Keeping the People Report
LB@keepingthepeople.combullet (913) 620-4645bullet http://www.keepingthepeople.com
E-Letter Volume 23, July 2011
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Leigh Branham
In this Issue: "Why You Left" Survey Report

Since it went up in 2004, almost 800 visitors to the Keeping the People website, representing all major industries, position levels, functions, and age groupings, have taken the time to complete our "Decision to Leave" post-exit survey. (If you haven't taken it and would like to, go to www.keepingthepeople.com and click on Resources, then Surveys). Respondents are asked to think of a job they quit in the past and respond to survey questions as they recall the reasons and circumstances of their departure.

Now it is time to report the results so far.

Leigh Branham, Founder,
Keeping the People, Inc
.

The survey presents respondents with a list of 39 possible reasons for leaving and asks them to select up to five that entered into their decision to leave their employer. (Exact wording: From the list below, please check up to, but no more than, five factors that first caused you to start thinking seriously about leaving your organization.) The question was worded this way in order to surface the root cause of the turnover, not necessarily the same reason the employee might give during an on-site exit interview. Of the 39 reasons, 29 are "Push" factors related to an issue within the workplace and 11 are "Pull" factors indicating an external motivation. Here then, in order, are the reasons with the percentages of respondents who selected them:

Reported Reasons for Leaving:

1. Lack of trust in senior leaders (10.6%) Push
2. Insufficient pay (5.7%) Push
3. Unhealthy/undesirable culture (5.5%) Push
4. Lack of concern for development (5.1%) Push
5. Lack of honesty/integrity/ethics (4.9%) Push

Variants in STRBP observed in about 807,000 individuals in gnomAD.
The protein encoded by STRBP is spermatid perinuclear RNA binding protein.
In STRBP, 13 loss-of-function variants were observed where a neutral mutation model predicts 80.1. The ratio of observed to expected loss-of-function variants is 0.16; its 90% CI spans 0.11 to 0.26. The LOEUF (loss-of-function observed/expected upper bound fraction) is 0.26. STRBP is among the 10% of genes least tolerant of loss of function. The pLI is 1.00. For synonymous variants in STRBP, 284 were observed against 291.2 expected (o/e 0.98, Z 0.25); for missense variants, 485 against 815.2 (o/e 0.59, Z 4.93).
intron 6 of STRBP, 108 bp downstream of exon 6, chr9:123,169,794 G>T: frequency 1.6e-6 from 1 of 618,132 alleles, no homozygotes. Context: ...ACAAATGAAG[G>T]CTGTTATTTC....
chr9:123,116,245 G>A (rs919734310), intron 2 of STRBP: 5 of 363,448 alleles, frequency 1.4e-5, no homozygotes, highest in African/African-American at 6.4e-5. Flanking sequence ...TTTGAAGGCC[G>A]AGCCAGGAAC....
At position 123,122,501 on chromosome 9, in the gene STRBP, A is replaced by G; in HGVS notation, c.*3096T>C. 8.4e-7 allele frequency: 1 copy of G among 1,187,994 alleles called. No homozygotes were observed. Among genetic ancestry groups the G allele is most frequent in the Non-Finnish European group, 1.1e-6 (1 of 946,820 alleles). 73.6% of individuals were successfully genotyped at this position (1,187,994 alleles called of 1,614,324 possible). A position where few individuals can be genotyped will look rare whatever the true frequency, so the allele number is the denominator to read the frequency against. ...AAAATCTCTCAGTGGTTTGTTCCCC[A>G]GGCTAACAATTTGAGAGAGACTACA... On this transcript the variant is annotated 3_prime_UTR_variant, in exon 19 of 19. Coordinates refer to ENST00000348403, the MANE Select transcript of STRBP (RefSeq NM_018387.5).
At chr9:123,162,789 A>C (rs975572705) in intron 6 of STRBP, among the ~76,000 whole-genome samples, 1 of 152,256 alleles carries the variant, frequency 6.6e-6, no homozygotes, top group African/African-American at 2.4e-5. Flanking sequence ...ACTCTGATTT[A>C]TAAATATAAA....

6. Unfair treatment (4.8%) Push
7. Lack of open communication (4.6%) Push
8. Lack of encouragement of input or ideas (4.6%) Push
9. Lack of teamwork among co-workers (4.5%) Push
10. Excessive workload (4.4%) Push
11. Lack of opportunity for training and development (3.9%) Push
12. Lack of recognition (3.9%) Push
13. Lack of clear expectations (3.8%) Push
14. Uncertainty about future of company (3.8%) Push
15. Uninteresting or unchallenging work (3.6%) Push
16. Not having needed resources (3.2%) Push
17. Pay not based on performance (2.6%) Push
18. Lack of encouragement of input or ideas (2.3%) Push
19. Unfair pay practices (2.1%) Push
20. Uncertainty about job security (2.0%) Push
21. Lack of work-life balance (1.9%) Push
22. Negative relationship with coworker (1.7%) Push
23. Decision to change careers (1.7%) Pull
24. Unexpected job/career opportunity (1.6%) Pull
25. Lack of focus on quality (1.5%) Push
26. Lack of feedback (1.5%) Push
27. Inflexible work arrangements (1.3%) Push
28. Lack of focus on productivity (1.2%) Push
29. Unsatisfactory benefits (1.0%) Push
30. Spend more time with family (.09%) Push
31. Excessive travel demands (.08%) Push
32 . Desire to relocate (.07%) Pull
33. Start a business (.05%) Pull
34. Desire to return to school (.05%) Pull
35. Start a family (.04%) Pull
36. Family emergency/illness (.04%) Pull
37. Spouse/partner relocation (.03%) Pull
38. Retirement (.03%) Pull
39. Inheritance/monetary windfall (.005%) Pull

Analysis: